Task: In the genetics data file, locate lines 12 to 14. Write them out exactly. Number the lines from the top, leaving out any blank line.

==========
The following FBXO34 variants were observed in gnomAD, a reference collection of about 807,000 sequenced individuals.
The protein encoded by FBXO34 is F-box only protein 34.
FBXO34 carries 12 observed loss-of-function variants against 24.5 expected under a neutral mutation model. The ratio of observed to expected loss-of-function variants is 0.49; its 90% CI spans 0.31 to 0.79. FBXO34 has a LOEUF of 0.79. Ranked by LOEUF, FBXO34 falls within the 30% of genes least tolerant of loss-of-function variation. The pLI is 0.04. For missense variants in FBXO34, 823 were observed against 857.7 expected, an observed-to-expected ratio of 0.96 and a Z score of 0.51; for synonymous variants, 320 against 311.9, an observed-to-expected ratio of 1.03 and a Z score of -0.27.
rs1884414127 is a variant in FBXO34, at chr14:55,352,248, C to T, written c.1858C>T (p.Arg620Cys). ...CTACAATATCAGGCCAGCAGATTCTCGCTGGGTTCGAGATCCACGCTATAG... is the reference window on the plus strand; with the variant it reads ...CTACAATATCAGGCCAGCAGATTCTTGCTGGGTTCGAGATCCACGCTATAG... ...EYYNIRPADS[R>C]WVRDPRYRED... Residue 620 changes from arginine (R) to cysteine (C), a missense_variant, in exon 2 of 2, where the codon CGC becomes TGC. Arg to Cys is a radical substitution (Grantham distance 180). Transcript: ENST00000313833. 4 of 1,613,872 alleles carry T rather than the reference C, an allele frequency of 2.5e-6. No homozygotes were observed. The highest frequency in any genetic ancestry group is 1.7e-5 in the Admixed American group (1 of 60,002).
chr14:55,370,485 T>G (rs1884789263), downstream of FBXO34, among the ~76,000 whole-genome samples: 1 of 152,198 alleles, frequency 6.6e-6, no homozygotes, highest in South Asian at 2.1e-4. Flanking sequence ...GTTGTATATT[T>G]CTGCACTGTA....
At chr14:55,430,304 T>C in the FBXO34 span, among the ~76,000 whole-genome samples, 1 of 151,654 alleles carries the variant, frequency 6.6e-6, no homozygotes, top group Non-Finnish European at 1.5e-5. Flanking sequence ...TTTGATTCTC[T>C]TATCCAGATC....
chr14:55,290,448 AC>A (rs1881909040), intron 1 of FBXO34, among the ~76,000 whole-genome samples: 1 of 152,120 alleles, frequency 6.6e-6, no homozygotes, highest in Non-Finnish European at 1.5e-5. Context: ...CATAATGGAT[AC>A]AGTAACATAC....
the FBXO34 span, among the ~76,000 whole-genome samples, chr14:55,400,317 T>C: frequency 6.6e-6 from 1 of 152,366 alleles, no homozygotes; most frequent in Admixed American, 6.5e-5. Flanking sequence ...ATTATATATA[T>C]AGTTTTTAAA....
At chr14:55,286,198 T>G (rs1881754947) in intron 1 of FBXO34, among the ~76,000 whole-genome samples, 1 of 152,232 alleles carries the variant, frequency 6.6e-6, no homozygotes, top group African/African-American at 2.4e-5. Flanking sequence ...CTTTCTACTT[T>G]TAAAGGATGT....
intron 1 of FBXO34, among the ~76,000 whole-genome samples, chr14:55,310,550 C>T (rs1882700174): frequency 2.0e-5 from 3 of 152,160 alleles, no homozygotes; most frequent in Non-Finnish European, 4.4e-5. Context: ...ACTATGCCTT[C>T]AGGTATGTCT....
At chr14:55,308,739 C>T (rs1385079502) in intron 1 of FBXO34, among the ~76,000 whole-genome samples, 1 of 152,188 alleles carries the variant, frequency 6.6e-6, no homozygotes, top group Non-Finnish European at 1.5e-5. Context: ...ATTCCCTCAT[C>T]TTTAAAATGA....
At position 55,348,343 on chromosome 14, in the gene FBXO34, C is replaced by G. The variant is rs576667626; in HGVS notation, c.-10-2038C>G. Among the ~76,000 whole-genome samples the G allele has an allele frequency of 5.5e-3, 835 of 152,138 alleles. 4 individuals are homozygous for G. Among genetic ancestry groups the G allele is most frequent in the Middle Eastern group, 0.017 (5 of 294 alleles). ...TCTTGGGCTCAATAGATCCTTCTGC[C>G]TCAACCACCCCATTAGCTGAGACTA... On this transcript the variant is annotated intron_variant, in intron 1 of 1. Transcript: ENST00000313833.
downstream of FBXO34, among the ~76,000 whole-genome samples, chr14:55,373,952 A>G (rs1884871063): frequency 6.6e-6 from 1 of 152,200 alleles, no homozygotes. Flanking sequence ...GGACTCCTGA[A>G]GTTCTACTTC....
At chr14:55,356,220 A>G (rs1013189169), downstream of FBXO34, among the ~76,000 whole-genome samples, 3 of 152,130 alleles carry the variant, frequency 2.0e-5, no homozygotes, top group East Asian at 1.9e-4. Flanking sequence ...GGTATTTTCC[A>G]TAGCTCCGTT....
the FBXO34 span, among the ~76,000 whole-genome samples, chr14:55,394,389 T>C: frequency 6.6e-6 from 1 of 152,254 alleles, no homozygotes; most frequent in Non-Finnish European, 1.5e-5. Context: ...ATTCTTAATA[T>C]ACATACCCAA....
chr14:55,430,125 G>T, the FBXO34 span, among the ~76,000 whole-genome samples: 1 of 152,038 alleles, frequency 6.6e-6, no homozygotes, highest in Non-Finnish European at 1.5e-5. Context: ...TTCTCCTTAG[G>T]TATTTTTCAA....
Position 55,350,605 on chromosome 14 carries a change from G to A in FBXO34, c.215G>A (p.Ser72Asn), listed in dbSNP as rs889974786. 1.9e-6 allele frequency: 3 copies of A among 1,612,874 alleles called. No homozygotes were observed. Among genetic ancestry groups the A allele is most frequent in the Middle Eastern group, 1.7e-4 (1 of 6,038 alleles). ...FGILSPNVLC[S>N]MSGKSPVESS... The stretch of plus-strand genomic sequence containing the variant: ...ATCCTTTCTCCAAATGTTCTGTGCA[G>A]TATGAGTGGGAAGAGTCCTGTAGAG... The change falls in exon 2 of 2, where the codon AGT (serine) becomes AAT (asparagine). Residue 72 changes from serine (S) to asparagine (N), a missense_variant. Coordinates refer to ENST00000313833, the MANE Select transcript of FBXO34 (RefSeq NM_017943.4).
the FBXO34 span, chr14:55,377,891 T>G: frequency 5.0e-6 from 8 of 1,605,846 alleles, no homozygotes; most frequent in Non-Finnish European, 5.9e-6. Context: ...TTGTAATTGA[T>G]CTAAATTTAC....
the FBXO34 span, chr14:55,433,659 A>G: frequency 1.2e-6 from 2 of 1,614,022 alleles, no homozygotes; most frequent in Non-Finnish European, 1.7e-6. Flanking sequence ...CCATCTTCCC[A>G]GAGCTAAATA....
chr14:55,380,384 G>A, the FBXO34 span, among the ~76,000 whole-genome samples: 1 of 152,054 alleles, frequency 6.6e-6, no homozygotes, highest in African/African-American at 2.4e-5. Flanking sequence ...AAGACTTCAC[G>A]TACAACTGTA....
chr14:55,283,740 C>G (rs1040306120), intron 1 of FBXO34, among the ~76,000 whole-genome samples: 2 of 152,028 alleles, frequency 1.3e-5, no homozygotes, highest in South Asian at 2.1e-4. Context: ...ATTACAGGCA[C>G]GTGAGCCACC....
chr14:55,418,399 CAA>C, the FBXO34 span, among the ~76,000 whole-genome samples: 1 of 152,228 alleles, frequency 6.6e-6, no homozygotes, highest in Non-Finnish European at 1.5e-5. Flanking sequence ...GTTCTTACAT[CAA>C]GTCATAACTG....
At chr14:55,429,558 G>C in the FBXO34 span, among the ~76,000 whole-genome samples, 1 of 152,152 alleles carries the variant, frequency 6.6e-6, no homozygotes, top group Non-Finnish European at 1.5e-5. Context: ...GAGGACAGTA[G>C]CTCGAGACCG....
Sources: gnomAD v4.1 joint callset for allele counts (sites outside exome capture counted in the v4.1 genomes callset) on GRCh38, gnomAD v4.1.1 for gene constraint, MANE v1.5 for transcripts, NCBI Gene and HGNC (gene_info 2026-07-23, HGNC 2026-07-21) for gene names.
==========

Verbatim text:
At position 55,348,343 on chromosome 14, in the gene FBXO34, C is replaced by G. The variant is rs576667626; in HGVS notation, c.-10-2038C>G. Among the ~76,000 whole-genome samples the G allele has an allele frequency of 5.5e-3, 835 of 152,138 alleles. 4 individuals are homozygous for G. Among genetic ancestry groups the G allele is most frequent in the Middle Eastern group, 0.017 (5 of 294 alleles). ...TCTTGGGCTCAATAGATCCTTCTGC[C>G]TCAACCACCCCATTAGCTGAGACTA... On this transcript the variant is annotated intron_variant, in intron 1 of 1. Transcript: ENST00000313833.
downstream of FBXO34, among the ~76,000 whole-genome samples, chr14:55,373,952 A>G (rs1884871063): frequency 6.6e-6 from 1 of 152,200 alleles, no homozygotes. Flanking sequence ...GGACTCCTGA[A>G]GTTCTACTTC....
At chr14:55,356,220 A>G (rs1013189169), downstream of FBXO34, among the ~76,000 whole-genome samples, 3 of 152,130 alleles carry the variant, frequency 2.0e-5, no homozygotes, top group East Asian at 1.9e-4. Flanking sequence ...GGTATTTTCC[A>G]TAGCTCCGTT....